});

        scheduler.attachEvent("onEventDeleted", (id) => {
            this.eventService.remove(id);
        });

       this.eventService.get()
            .then((data) => {
                scheduler.parse(data, "json");
            })
    }

    //serializing events method
    private serializeEvent(data: any, insert: boolean = false): Event {/* */}
}

Besides, you must remember that after you insert events into the database, they obtain database IDs. When it happens, you’ll update scheduler with the new ID using the scheduler.changeEventId method.

Well, Angular Scheduler is ready, you are welcome to check out the source code. The app can use RESTful API for CRUD operations. Keep in mind that in this demo angular-in-memory-api library was used to emulate the data storage. However, in real life apps, you’ll probably want to save changes to a real database. There are two solutions. First, you can remove in-memory-web-api from the app (in case you’ve skipped that step, you don’t need to do this). Second, you can configure it to pass requests through to the real backend and thus implement data storage. Feel free to send us feedback in the comments and stay tuned for new tutorials.

Comments

  1. Sylvain Anselmino October 6, 2017 at 11:51 am

    I run your tuto and hade to resolve an error like “cannot read property ‘0’ of undefined”

    Indeed, the html sample in the “Creating Scheduler Component” (content of scheduler.component.html) has an extra “” on the first line. I resolve my problem by removing it. The content of the scheduler.component.html should be :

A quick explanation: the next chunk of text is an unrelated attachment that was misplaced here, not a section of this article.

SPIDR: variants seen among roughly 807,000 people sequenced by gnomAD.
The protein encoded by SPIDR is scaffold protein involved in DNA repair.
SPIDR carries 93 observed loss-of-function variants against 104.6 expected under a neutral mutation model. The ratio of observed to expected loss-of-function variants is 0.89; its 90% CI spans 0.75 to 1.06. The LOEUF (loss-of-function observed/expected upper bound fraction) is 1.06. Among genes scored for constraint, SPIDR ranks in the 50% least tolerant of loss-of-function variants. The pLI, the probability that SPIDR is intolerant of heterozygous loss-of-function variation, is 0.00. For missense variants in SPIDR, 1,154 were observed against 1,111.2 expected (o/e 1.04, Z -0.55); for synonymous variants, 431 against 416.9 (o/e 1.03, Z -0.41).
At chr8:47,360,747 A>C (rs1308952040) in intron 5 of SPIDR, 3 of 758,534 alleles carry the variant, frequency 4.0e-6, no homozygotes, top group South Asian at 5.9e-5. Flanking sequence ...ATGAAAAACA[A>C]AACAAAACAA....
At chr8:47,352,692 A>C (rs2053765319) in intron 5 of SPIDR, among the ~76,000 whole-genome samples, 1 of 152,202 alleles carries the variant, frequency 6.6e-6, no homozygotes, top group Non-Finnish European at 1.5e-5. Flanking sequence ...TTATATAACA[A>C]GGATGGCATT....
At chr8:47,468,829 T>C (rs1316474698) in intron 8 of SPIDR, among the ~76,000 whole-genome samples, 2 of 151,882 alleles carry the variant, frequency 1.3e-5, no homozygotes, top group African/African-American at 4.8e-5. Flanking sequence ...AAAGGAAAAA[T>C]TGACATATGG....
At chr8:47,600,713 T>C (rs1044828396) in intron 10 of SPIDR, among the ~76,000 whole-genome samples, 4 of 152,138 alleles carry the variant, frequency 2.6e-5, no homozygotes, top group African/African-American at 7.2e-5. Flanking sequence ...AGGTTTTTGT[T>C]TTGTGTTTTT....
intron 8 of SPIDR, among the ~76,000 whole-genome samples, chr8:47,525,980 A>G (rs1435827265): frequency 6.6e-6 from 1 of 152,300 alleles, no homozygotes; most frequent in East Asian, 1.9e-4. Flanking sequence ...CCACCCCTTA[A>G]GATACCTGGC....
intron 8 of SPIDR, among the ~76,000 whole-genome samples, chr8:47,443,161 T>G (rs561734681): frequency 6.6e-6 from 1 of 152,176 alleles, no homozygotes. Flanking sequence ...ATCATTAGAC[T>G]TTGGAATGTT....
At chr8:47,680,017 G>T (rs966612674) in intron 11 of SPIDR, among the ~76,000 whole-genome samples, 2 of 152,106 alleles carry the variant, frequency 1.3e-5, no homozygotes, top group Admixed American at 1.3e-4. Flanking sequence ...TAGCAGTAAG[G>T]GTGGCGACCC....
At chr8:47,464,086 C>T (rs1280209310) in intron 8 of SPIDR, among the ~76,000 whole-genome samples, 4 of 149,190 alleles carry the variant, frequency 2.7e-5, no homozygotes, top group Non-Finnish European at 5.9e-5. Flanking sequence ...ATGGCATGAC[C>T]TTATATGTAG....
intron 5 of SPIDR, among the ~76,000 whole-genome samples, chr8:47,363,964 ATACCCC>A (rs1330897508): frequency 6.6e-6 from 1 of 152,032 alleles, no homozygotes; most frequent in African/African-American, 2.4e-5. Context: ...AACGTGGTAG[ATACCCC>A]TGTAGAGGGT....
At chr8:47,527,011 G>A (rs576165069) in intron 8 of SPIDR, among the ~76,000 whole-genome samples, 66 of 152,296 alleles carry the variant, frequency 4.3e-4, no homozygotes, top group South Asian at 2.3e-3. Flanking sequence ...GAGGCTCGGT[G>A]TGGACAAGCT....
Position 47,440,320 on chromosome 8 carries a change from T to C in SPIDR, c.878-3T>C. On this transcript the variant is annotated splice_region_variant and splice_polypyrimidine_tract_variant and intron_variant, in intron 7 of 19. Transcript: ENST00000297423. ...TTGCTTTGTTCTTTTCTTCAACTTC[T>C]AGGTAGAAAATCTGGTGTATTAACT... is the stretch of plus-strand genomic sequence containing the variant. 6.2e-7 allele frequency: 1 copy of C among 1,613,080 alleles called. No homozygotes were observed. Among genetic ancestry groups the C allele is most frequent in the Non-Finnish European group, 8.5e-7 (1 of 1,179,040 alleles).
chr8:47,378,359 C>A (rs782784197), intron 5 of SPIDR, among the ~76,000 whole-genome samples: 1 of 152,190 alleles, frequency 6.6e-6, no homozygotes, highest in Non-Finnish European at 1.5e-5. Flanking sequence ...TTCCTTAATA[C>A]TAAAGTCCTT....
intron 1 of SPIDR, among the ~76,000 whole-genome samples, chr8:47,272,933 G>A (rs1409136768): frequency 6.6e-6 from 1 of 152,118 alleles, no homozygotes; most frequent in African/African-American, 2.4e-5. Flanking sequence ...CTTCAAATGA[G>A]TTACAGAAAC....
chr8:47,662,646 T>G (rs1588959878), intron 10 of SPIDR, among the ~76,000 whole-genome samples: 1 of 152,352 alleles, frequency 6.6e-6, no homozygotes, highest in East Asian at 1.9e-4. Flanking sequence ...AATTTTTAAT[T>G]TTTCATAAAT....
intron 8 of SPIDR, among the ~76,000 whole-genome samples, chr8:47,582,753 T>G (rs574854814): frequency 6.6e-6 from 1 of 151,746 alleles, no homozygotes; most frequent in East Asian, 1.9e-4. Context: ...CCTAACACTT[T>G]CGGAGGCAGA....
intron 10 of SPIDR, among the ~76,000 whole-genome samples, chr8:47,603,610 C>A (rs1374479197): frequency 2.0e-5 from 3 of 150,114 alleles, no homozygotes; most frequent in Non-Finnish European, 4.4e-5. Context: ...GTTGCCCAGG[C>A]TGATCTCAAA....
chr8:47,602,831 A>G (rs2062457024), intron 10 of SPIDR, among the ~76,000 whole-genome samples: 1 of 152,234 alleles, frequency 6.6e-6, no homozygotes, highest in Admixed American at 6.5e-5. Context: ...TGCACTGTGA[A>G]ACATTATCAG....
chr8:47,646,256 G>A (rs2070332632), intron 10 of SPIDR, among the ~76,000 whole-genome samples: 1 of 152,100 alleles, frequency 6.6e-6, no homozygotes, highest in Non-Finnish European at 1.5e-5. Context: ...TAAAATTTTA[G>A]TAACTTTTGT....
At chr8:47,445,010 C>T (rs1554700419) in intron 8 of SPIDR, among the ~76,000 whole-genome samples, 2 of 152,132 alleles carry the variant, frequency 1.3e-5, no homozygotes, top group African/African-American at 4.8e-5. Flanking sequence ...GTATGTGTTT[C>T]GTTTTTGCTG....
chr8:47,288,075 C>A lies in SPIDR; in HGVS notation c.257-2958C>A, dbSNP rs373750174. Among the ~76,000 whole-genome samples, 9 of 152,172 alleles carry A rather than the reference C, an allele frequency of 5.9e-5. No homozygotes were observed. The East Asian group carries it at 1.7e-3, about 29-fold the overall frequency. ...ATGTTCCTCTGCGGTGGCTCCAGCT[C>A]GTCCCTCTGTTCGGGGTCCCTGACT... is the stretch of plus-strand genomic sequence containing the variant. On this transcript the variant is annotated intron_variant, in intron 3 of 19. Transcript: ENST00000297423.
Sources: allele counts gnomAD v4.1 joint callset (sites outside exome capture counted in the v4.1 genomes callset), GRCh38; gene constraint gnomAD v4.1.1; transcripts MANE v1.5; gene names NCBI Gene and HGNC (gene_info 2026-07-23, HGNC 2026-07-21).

• Aras Kairys (DHTMLX team) October 20, 2017 at 1:12 pm

      Hi Sylvain,
      Thank you for the comment, we’ll correct the tutorial asap.

    • Aras Kairys (DHTMLX team) October 20, 2017 at 1:34 pm

      Hi Sylvain,
      The tutorial is updated.

  2. Sylvain Anselmino October 6, 2017 at 11:54 am

    Hi again,
    Sorry for double post, html tag have been deleted in my previous post. The extra element is the closing div tag at the first line.
    Regards

  3. Jack Brv October 10, 2017 at 12:12 am

    Hi,
    It is possible to use Scheduler Extensions?

    • Aras Kairys (DHTMLX team) October 20, 2017 at 1:32 pm

      Hi Jack,
      To use extensions you should add them with dhtmlxScheduler.
      You should get something like this:
      import “dhtmlx-scheduler”
      and import “dhtmlx-scheduler/codebase/ext/[extension]”.
      E.g. import “dhtmlx-scheduler/codebase/ext/dhtmlxscheduler_timeline” for timeline extension.

      • Jack Brv October 26, 2017 at 12:33 am

        Many thanks for your help!

      • Laura November 22, 2017 at 11:21 pm

        I have downloaded the scheduler by npm but it doesn’t have the timeline extension. Where I can find it?

        • Aras Kairys (DHTMLX team) November 23, 2017 at 3:44 pm

          Hi Laura,
          Timeline view is a PRO feature of dhtmlxScheduler.
          Unfortunately, the installation of Scheduler PRO edition via NPM is not available at the moment.
          But if you are a licensed user, please create a ticket in our support system and we’ll provide you a personal NPM link.

  4. Kristian October 19, 2017 at 6:40 pm

    Good afternoon,

    I’m currently evaluating a trial version of this product for use in a project and wondered how best to implement the Timeline View within the Angular framework.

    Many thanks for any assistance you can provide!

  5. lne October 25, 2017 at 11:33 am

    Great post!
    But the version used is the “Standard Edition”
    How to use the “Professional Edition” version?
    I already bought a few months ago the “Professional Edition” version.

    • Aras Kairys (DHTMLX team) October 25, 2017 at 3:34 pm